the wider and deeper exposing of back-end functionality, and
more flexibility in data type and amount fetching than web applications do.
Many security woes of API space depend on how actually the APIs were written (i.e. they can expose the back-end data, architecture, etc.) There are 4 aspects required to build the efficient API security strategy: authorization, authentication, federation, and delegation. Plus, the clear understanding of protocols, methodologies, and concepts backs up the growth-oriented business development.
Authentication vs. Authorization Controversy
The security breaches and hackers attacks are neither desirable nor appropriate for business models. So, the authorization and authentication are forming the separate layers, yet they are often got misunderstood or thought about as similar notion. In a way, our tech savviness started to work against us, the figuring out the exact meaning for relevant applying into the API security, and strategy.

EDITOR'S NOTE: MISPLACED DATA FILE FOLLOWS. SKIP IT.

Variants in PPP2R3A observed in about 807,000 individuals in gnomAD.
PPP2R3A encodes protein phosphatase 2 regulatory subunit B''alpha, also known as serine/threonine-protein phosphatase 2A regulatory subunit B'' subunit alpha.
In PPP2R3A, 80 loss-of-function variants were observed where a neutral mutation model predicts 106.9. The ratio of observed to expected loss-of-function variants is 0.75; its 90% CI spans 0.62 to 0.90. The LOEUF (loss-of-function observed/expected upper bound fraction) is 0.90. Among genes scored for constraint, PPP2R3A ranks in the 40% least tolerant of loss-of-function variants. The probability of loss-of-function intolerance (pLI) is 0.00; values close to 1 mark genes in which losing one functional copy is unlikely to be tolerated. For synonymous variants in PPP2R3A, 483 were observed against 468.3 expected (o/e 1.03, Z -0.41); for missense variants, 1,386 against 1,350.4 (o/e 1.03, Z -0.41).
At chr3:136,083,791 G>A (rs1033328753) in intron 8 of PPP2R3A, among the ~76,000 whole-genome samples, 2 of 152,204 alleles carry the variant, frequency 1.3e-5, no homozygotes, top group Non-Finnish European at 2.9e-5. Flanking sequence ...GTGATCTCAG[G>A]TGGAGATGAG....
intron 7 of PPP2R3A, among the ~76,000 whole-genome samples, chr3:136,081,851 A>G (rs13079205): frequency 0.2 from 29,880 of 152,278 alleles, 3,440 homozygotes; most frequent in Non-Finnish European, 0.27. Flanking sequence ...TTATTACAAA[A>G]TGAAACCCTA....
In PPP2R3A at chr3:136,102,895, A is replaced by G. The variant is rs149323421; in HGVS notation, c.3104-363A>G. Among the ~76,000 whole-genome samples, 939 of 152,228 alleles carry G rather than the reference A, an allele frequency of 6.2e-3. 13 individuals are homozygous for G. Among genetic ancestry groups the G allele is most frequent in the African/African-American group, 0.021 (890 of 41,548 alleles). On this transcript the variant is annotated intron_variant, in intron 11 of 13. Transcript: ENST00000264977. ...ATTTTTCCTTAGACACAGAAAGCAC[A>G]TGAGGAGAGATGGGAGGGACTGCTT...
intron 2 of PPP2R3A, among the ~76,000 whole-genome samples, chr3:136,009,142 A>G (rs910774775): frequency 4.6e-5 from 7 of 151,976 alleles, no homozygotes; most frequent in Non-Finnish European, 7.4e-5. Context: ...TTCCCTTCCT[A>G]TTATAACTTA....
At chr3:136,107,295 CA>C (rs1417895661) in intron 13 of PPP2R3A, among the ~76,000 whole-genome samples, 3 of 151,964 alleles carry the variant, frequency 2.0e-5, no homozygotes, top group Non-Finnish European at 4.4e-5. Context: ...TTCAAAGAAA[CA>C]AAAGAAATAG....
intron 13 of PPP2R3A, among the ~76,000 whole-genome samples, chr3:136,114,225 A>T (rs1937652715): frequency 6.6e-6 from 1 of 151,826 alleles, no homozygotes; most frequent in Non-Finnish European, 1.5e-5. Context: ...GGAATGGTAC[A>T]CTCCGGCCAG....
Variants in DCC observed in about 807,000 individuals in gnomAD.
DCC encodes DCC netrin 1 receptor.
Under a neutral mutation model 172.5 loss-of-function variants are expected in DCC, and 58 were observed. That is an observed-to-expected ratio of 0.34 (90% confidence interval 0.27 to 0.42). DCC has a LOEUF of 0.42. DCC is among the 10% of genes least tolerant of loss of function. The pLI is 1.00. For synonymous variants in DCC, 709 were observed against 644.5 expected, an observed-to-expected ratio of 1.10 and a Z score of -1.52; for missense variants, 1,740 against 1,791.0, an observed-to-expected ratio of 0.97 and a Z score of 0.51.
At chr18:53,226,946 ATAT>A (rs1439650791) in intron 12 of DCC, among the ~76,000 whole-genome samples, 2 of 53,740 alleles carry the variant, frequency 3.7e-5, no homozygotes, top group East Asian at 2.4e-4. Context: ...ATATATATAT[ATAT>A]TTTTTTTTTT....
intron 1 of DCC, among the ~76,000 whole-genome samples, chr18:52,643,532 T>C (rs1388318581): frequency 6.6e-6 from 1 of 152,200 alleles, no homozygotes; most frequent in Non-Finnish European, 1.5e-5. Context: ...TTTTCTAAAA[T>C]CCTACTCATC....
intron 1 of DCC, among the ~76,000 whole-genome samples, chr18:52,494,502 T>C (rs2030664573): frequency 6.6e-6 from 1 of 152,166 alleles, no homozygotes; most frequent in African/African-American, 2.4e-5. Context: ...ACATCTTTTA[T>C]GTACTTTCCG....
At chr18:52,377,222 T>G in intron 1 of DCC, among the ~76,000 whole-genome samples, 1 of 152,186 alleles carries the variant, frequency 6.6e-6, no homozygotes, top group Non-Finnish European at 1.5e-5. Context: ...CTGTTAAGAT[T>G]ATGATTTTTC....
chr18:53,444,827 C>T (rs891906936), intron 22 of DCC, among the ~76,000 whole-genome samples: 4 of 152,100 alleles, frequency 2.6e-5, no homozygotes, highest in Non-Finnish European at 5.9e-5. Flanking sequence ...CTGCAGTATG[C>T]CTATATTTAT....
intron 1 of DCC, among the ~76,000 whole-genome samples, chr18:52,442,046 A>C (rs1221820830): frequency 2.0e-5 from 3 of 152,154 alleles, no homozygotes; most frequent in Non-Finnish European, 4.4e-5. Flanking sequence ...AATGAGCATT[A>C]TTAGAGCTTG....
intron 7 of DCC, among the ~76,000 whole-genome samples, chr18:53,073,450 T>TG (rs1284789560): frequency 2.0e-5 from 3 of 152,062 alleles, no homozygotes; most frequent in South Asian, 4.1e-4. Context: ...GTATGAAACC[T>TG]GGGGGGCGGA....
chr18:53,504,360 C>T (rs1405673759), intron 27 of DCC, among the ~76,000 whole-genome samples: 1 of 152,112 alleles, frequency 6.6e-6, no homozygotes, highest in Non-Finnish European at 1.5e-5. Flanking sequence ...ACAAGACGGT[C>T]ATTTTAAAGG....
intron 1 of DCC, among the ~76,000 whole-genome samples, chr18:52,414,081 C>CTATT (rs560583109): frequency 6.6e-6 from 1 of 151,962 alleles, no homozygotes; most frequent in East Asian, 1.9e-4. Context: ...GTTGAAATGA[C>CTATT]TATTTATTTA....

Authentication deals with the identifying the party requesting the access. Roughly speaking, this is a form that demands the name and password to ensure the 2 aspects:
(a) the user is identified as only this very user (i.e. John Doe is identified as John Doe), and
(b) the user is allowed to get the access.
You can also use the various protocols, sign-in or verification services to lead the safe trip down the highway to your APIs.
Authorization checks what the access rights the requester has. In contrast to authentication, that verifies who is the requesting party; the authorization defines what access level should be provided for this very user.